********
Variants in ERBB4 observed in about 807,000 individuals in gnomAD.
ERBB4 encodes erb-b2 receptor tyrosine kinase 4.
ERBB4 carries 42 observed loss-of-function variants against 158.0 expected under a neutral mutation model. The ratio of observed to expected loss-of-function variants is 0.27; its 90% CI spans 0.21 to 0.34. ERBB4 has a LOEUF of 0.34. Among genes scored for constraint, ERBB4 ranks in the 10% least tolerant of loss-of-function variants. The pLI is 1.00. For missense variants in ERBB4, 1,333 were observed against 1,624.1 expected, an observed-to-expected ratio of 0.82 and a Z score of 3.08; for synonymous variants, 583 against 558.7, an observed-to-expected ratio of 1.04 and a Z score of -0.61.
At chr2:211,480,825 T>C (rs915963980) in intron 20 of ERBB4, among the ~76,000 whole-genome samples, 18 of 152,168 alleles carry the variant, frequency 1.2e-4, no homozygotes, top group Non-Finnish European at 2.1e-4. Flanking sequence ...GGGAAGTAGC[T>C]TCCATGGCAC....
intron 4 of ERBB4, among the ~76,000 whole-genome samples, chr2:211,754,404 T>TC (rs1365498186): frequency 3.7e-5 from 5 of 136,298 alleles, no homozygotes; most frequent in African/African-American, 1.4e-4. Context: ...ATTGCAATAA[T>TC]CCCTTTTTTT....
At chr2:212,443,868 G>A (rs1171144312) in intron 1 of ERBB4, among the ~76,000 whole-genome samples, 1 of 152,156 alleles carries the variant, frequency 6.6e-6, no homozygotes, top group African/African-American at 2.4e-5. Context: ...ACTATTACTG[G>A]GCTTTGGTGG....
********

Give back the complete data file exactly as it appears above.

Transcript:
Variants in ERBB4 observed in about 807,000 individuals in gnomAD.
ERBB4 encodes erb-b2 receptor tyrosine kinase 4.
ERBB4 carries 42 observed loss-of-function variants against 158.0 expected under a neutral mutation model. The ratio of observed to expected loss-of-function variants is 0.27; its 90% CI spans 0.21 to 0.34. ERBB4 has a LOEUF of 0.34. Among genes scored for constraint, ERBB4 ranks in the 10% least tolerant of loss-of-function variants. The pLI is 1.00. For missense variants in ERBB4, 1,333 were observed against 1,624.1 expected, an observed-to-expected ratio of 0.82 and a Z score of 3.08; for synonymous variants, 583 against 558.7, an observed-to-expected ratio of 1.04 and a Z score of -0.61.
At chr2:211,480,825 T>C (rs915963980) in intron 20 of ERBB4, among the ~76,000 whole-genome samples, 18 of 152,168 alleles carry the variant, frequency 1.2e-4, no homozygotes, top group Non-Finnish European at 2.1e-4. Flanking sequence ...GGGAAGTAGC[T>C]TCCATGGCAC....
intron 4 of ERBB4, among the ~76,000 whole-genome samples, chr2:211,754,404 T>TC (rs1365498186): frequency 3.7e-5 from 5 of 136,298 alleles, no homozygotes; most frequent in African/African-American, 1.4e-4. Context: ...ATTGCAATAA[T>TC]CCCTTTTTTT....
At chr2:212,443,868 G>A (rs1171144312) in intron 1 of ERBB4, among the ~76,000 whole-genome samples, 1 of 152,156 alleles carries the variant, frequency 6.6e-6, no homozygotes, top group African/African-American at 2.4e-5. Context: ...ACTATTACTG[G>A]GCTTTGGTGG....